How to Install Android P Developer Preview 1 on Eligible Devices
Google just unveiled the first Developer Preview build of Android P. It’ll be a while before anyone can see it in action, however, if you’re a Pixel/Pixel 2 owner, you can skip ahead of the queue and check it out, right now. Here’s how.
If you’re new to Android phones, we wouldn’t recommend that you try this. Ensure that your phone has enough battery and is connected to the computer via USB at all times. If the process is interrupted in any way such as power outages or PC restarts, you may risk bricking your phone and void any warranties. The chance of that happening is low, and you should be good, if you follow all the instructions to the tee.
Step 1: Get ADB tools and enable developer options
Before proceeding, it is essential that you have the all the pre-requisite ADB. If you don’t, head over to the link to download the tools. Second, we need to make sure that your device is visible to your computer. After plugging in your device to your computer via USB cable, type “adb devices” in the built-in Terminal (MacOS/Linux) or Command Prompt (Windows) app. If you see your device listed, you’re ready to go. If not, make sure your device has ADB debugging turned on in Settings. To do that, head over to settings>system>developer options>USB Debugging. If you don’t see Developer options, go to the “About phone” page and tap the Android build number several times until the device prompts you for a PIN and then proceeds to unlock the options for you.
Step 2: Unlock bootloader
To unlock your bootloader, go to the Settings app, tap on the System option, and head to “Developer options” (if you don’t see Developer options, go to the “About phone” page and tap the Android build number several times). Make sure that “OEM unlocking” is toggled on. From your computer, open a terminal/command prompt and enter the “adb reboot bootloader” to go to the device’s bootloader and check its status. If the bootloader on your Pixel device is locked, make sure your device is on the bootloader screen and type “fastboot oem unlock” in the terminal. If that didn’t work, you would need to use the “fastboot flashing unlock_critical” command.
Once the command is issued, you should see a prompt on your device which will ask you to verify if you want to unlock your bootloader. After you give it the green signal, the device will be wiped completely. Hence, we recommend that you take a backup of all your data before proceeding with the process.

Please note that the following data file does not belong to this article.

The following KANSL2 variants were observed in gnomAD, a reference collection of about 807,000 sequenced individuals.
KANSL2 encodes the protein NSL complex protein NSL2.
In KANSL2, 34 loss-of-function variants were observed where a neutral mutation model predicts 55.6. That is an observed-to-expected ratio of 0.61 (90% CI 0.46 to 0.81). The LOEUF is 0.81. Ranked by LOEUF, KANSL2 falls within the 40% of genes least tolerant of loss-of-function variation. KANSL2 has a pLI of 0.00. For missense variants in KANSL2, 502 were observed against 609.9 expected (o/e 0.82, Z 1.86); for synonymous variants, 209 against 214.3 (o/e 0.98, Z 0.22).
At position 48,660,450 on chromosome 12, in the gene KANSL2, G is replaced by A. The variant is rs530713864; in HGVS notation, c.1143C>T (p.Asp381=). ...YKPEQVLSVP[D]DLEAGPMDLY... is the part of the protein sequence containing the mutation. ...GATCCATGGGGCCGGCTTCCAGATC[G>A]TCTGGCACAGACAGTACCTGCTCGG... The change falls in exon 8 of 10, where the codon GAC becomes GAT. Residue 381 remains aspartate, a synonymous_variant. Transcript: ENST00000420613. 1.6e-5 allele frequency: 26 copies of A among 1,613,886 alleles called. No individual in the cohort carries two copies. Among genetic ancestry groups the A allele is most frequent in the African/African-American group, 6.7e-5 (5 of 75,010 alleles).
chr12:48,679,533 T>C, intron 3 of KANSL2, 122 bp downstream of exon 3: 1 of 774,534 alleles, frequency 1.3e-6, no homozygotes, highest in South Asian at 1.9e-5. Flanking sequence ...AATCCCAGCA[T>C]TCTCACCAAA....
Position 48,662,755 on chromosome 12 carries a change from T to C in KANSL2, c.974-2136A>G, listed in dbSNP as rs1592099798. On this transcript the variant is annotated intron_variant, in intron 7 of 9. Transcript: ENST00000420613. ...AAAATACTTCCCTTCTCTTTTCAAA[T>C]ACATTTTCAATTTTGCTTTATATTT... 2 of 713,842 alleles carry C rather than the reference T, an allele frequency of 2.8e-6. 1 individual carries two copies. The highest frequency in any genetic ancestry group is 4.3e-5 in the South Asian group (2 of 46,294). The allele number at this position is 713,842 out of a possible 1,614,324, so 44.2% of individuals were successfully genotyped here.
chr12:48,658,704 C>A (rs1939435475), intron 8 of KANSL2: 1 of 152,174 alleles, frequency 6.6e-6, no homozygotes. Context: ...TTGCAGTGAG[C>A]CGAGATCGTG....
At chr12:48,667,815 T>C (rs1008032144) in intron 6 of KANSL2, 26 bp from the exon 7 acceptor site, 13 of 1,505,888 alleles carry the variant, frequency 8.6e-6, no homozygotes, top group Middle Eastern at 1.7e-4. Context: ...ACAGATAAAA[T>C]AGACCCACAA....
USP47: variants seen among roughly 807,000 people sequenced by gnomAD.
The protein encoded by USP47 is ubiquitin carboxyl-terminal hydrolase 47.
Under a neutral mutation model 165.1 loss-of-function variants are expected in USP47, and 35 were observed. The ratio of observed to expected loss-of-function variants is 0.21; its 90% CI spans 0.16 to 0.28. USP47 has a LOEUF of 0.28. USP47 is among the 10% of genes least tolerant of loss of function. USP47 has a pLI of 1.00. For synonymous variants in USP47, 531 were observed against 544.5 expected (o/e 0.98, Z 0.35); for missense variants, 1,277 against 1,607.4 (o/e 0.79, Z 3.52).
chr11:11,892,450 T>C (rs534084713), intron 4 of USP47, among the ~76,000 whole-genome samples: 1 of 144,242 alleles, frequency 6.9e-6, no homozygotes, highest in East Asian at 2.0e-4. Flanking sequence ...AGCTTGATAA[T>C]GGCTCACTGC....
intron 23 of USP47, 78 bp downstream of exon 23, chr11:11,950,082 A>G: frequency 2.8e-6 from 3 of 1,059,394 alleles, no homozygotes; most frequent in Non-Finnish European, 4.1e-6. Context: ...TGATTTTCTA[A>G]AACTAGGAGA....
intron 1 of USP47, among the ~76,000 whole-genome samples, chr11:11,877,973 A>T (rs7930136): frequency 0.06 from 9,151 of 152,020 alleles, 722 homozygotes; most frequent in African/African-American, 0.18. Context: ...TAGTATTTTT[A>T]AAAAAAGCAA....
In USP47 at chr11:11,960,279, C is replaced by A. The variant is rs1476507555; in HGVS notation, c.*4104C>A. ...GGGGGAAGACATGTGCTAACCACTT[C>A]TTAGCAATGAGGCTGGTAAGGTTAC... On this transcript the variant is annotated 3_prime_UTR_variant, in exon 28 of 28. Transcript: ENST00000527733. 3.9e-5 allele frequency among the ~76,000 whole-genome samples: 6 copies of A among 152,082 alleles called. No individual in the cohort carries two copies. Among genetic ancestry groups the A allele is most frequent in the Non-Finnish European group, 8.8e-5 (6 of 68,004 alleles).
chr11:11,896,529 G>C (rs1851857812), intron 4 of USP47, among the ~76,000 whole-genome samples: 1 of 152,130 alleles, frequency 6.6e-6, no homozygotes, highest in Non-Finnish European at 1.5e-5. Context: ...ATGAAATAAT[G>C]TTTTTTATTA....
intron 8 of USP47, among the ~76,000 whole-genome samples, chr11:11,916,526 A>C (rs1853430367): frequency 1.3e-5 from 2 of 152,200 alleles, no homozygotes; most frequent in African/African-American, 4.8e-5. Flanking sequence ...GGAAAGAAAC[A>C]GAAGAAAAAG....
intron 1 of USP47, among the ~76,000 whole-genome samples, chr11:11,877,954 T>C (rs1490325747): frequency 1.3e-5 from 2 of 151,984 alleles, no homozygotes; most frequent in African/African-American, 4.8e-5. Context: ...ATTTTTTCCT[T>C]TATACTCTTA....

Now, get the Android P Developer Preview 1 build for your device from here. Once you’ve downloaded the compressed file, extract it. Inside the extracted compress file there will be a .zip file titled something along the lines of “taimen-ppp1.180208.014-factory-8e44f67a.zip” (for the Pixel 2 XL, other devices names might vary). After you extract that file, you’ll find the other tools you’ll need to get the job done, namely the bootloader, OS image, vendor image, and a radio image.
Run the script to install Android P DP1
You will now need to boot into your bootloader to flash the factory image. Execute the command “adb reboot bootloader” again to get there. Or, you could start up the device while holding the volume down and power keys simultaneously to boot into the bootloader. Now point your command line to the file directory with the flash-all script. For example, if the file is in your C:/Downloads folder, you need to type “cd C:/Downloads/taimen-ppp1.180208.014-factory-8e44f67a). Once you have successfully changed the directory, run your script from the computer.
- On Unix/Mac, run “./flash-all.sh”
- On Windows, run “flash-all.bat”
Now you should see the script running on your screen, which can take five to ten minutes. Once the image is installed, the script will automatically reboot your phone. The first boot usually takes a while so you might have to wait about 10 minutes. Anything above that means that you’ve entered a boot loop. If that’s the case, then you’re going to have to flash all of the images manually. Make sure your device is in the proper bootloader state (you should be at the same screen as you were when you issued the “adb reboot bootloader” command), and then follow these instructions in the command prompt. The bootloader file name, radio file name and image file name can be found in the file that you downloaded off of the website.
- fastboot flash bootloader <bootloader file name here>.img
- fastboot reboot-bootloader
- fastboot flash radio <radio file name here>.img
- fastboot reboot-bootloader
- fastboot flash -w update <image file name here>.zip
- fastboot reboot
After the device boots, you should have Android P DP1. If you’ve had enough of the preview, you’re going to have to go through the same process again, but this time with stock Oreo images which can be found on Google’s website.